• It accordingly is the object of the present invention to furnish a method for navigating between sections or windows in a display space, which allows for a continuous transition between views.
  • SUMMARY
  • To be more precise, in accordance with the invention a computer-implemented method for navigating between sections in a display space is furnished, with the sections in the display space each being assigned to a particular location of the display space, and representatives being provided which are each assigned to a particular section in the display space with the aid of an unambiguous relation, the method comprising the following steps: selecting at least one representative which is assigned to a particular section in the display space with the aid of the unambiguous relation; and navigating to the particular section in the display space with the aid of the unambiguous relation with the particular section in the display space.
  • By utilizing the unambiguous relation of a representative with a particular section in the display space and the assignment of the section to a respective particular location of the display space, one obtains the advantage that navigation between sections in the display space may be carried out in a continuous manner.
  • Fade-in/fade-out change from one section to another section may, for example, be triggered by actuation of a representative such as by clicking on it, after which camerawork such as reducing, enlarging and/or shifting takes place in a suitable manner. The camerawork may, for example, retreat from one section until this section and another section constituting the navigation target are displayed. Subsequently the section constituting the navigation target is approached.
  • In accordance with one variant of the present invention, navigating is performed as a continuous fade-out/fade-in change from one section to another section.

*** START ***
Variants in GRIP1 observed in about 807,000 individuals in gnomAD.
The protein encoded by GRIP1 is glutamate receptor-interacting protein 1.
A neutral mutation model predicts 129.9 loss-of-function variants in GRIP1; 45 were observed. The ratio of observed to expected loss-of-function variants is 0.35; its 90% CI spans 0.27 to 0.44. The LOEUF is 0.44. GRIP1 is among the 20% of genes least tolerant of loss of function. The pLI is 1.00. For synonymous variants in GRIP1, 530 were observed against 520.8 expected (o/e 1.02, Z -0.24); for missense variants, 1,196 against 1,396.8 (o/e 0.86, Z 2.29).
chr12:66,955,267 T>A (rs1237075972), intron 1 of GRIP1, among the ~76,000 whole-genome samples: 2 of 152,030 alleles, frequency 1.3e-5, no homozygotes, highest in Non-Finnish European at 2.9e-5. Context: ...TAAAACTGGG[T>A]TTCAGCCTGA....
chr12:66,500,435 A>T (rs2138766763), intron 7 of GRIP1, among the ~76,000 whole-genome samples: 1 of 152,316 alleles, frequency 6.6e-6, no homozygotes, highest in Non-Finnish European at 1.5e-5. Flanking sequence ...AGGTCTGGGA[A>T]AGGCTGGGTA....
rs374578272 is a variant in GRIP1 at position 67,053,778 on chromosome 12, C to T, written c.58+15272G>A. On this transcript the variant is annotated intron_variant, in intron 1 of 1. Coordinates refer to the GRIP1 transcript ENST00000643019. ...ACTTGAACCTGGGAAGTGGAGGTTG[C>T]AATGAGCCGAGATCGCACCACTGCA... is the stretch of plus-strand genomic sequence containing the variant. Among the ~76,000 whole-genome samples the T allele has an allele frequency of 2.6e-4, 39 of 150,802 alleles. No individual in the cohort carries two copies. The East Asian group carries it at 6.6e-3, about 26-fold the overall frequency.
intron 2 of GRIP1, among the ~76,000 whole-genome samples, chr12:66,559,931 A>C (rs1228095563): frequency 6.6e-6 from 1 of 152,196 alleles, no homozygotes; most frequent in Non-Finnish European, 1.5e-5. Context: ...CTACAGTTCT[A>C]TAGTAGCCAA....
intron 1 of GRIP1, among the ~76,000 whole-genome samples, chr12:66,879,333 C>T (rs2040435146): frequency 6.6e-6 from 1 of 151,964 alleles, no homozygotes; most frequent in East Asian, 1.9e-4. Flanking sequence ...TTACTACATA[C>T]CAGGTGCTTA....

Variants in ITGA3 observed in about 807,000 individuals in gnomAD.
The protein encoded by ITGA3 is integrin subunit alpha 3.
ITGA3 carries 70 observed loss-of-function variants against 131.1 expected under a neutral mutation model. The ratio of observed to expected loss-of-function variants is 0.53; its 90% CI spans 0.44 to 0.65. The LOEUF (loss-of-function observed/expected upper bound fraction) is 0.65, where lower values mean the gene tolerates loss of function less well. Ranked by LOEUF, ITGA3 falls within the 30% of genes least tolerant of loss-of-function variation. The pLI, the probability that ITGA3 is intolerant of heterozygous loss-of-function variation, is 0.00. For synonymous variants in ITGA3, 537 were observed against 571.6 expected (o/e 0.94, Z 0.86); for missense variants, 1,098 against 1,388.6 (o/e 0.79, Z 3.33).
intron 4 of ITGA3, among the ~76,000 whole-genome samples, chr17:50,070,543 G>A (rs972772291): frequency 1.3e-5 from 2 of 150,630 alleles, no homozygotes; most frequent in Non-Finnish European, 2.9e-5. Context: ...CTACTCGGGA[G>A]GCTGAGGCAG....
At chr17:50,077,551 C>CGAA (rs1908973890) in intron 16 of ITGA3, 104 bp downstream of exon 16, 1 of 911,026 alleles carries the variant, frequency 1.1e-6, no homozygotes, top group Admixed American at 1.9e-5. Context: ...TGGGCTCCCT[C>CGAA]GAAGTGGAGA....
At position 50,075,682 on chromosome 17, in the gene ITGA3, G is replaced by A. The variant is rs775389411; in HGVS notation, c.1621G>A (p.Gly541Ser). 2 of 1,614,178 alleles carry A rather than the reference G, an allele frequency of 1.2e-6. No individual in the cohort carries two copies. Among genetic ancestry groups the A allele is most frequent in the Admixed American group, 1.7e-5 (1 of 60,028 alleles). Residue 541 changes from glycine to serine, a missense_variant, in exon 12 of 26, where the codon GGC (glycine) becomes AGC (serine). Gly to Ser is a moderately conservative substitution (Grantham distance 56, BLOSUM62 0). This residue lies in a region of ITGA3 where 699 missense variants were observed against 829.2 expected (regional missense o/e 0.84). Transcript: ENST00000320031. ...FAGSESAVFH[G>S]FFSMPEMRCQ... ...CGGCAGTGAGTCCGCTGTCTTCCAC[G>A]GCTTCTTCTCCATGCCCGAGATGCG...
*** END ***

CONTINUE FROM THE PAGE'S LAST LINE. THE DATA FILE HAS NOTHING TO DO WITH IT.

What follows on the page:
• In accordance with one variant of the present invention, the representatives have names.
  • In accordance with another variant of the present invention, the representatives may be associated with images.
  • In accordance with another variant of the present invention, the representatives are elements of an nth-order fractal-hierarchical network.
  • In accordance with another variant of the present invention, objects represented in the sections are stored.
  • In accordance with another variant of the present invention, the objects represented in the sections are elements of an nth-order fractal-hierarchical network.
  • In accordance with another variant of the present invention, the representatives differ in shape, color and/or texture and reflect the contents of the respective sections assigned to them.
  • In accordance with another variant of the present invention, navigating is triggered by a user interaction and/or automatically, with automatic triggering being derivable from calculated quantities.
  • In accordance with another variant of the present invention, the display space is of infinite size.
  • In accordance with another variant of the present invention, the display space has any desired dimension.
  • In accordance with another variant of the present invention, the display space is closed.
  • In accordance with another variant of the present invention, the display space is an ellipsoid or a sphere.
  • In accordance with another variant of the present invention, navigating is triggered through an inquiry on a network.
  • In accordance with another variant of the present invention, the display space includes any desired image.